Joe Christensen covered Major League Baseball for 15 years, including three seasons at the Baltimore Sun and eight at the Star Tribune, before switching to the college football beat. He’s a Faribault, Minn., native who graduated from the University of Minnesota in 1996. He covered Jim Wacker’s Gophers for the Minnesota Daily and also wrote about USC, UCLA and the Rose Bowl for the Riverside Press-Enterprise before getting this chance to cover football again.
Email Joe to talk about the Gophers.
OK, as I keep saying, I'm new to this. But Urban Meyer is either one of the most egotistical, self-righteous coaches in sports, or he's exactly what the Big Ten needs.
Maybe he's both.
In an interview Thursday on 97.1-FM in Columbus, Meyer acknowledged his concerns about Big Ten recruiting lagging behind the SEC and said this needs to be the focus of the discussions Monday at the conference coaching meeting.
Some media outlets have run with this, suggesting Meyer is going sit there with Brady Hoke, Bo Pelini, Bill O'Brien, Mark Dantonio, Jerry Kill, etc., and tell them it's time to step up their recruiting game. Can you imagine?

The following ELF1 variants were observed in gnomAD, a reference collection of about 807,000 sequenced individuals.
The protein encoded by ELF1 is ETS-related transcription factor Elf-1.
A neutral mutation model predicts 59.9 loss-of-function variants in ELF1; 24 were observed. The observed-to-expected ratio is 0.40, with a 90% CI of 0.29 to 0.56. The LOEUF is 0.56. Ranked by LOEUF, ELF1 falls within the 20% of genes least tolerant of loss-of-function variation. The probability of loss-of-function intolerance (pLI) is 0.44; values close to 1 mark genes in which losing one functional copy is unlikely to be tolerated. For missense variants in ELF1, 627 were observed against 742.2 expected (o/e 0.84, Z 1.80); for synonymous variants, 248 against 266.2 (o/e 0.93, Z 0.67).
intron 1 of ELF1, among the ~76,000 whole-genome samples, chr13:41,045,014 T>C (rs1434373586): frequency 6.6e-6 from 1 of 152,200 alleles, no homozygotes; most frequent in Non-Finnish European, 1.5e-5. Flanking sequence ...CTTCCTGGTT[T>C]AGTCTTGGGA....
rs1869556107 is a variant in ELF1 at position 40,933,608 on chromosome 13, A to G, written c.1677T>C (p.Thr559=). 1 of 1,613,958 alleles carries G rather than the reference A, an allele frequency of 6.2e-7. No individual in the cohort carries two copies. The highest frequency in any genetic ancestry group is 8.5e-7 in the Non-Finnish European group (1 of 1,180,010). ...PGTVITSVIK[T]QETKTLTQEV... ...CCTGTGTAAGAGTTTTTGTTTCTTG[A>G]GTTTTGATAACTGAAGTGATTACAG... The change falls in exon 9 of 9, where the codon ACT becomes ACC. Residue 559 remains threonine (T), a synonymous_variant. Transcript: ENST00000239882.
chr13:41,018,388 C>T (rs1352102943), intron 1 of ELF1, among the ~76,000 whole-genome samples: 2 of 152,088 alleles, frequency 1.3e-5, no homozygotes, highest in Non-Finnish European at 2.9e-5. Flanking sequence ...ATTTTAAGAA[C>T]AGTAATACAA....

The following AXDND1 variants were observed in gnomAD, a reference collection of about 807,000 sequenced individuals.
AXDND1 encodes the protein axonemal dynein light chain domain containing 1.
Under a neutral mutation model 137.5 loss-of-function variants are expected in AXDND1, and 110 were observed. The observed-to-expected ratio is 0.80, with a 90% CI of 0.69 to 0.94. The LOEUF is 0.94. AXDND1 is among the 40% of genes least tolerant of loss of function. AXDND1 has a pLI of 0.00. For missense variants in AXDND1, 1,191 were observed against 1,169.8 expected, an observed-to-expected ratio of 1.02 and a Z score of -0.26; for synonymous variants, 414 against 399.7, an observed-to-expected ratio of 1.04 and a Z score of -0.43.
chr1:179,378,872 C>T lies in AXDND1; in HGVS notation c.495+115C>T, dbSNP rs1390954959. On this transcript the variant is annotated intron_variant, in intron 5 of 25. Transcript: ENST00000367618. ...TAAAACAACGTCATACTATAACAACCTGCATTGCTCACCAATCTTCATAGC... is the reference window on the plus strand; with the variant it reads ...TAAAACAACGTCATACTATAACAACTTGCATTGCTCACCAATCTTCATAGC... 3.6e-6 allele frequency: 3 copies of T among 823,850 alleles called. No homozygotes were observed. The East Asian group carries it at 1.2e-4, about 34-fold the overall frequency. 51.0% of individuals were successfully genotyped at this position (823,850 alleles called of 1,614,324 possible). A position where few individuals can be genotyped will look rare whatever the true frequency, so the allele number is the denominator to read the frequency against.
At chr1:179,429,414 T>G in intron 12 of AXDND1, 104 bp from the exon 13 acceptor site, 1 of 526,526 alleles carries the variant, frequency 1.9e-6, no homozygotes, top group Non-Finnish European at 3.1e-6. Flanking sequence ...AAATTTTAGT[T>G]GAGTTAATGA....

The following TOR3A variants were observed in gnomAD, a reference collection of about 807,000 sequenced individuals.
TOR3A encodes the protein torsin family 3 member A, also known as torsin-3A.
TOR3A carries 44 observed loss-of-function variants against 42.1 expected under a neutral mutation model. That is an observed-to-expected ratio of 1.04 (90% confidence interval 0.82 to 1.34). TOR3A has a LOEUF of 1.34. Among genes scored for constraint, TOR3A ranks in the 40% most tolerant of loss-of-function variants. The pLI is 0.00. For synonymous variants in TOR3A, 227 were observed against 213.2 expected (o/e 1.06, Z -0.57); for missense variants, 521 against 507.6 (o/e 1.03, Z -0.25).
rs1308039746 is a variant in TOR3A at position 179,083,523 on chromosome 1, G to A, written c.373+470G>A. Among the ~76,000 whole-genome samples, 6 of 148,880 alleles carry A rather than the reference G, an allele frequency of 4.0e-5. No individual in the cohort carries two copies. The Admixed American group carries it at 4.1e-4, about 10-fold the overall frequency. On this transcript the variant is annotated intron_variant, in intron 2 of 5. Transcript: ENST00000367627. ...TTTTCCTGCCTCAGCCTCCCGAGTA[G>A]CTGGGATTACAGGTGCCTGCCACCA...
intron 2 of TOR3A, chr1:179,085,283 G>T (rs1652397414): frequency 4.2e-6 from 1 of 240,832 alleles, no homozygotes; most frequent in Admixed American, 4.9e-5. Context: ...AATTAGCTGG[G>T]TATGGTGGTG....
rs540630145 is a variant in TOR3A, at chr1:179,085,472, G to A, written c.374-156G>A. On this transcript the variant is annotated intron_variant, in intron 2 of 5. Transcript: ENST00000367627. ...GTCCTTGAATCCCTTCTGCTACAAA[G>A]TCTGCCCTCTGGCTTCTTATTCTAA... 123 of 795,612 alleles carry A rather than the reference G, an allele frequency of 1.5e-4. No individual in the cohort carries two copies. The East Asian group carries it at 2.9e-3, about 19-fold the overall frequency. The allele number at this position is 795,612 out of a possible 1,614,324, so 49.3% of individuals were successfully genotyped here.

I wanted to make sure Meyer wasn't taken out of context, so I went back to listen to the interview. The question comes at the 2:25 mark:
Question: "Urban, you won two national titles in the SEC, and that league is on a heck of a roll, and I know you get asked this question all the time. ... You guys are on a heck of a roll right now, your rival to the north [Michigan] seems to be doing pretty good -- they had the nice class [Wednesday]. Is there any concern for you that the rest of the Big Ten isn’t holding up its end of the bargain, and do you think that’s important for what you’re trying to build here at Ohio State?"
Meyer: "Well, it’s not only important, it’s essential. It has to happen. And I don’t know enough about what goes on in the other programs. I know I have a lot of respect for the tradition and their historical success they’ve had, but we do need to as a conference need to keep pushing that envelope to be better. And I think ... our whole conversation [Monday] needs to be about how do we recruit? When you see 11 of the SEC teams are in the Top 25 in recruiting, that’s something we need to continue to work on and improve."
Here's the breakdown of the Top 40 classes, as ranked by Rivals.com:
SEC -- Alabama (1), Florida (4), LSU (6), Ole Miss (7), Auburn (8), Texas A&M (10), Georgia (12), South Carolina (16), Vanderbilt (19), Tennessee (20), Mississippi State (25), Arkansas (26), Kentucky (28), Missouri (39).
BIG TEN -- Ohio State (2), Michigan (5), Nebraska (17), Michigan State (38).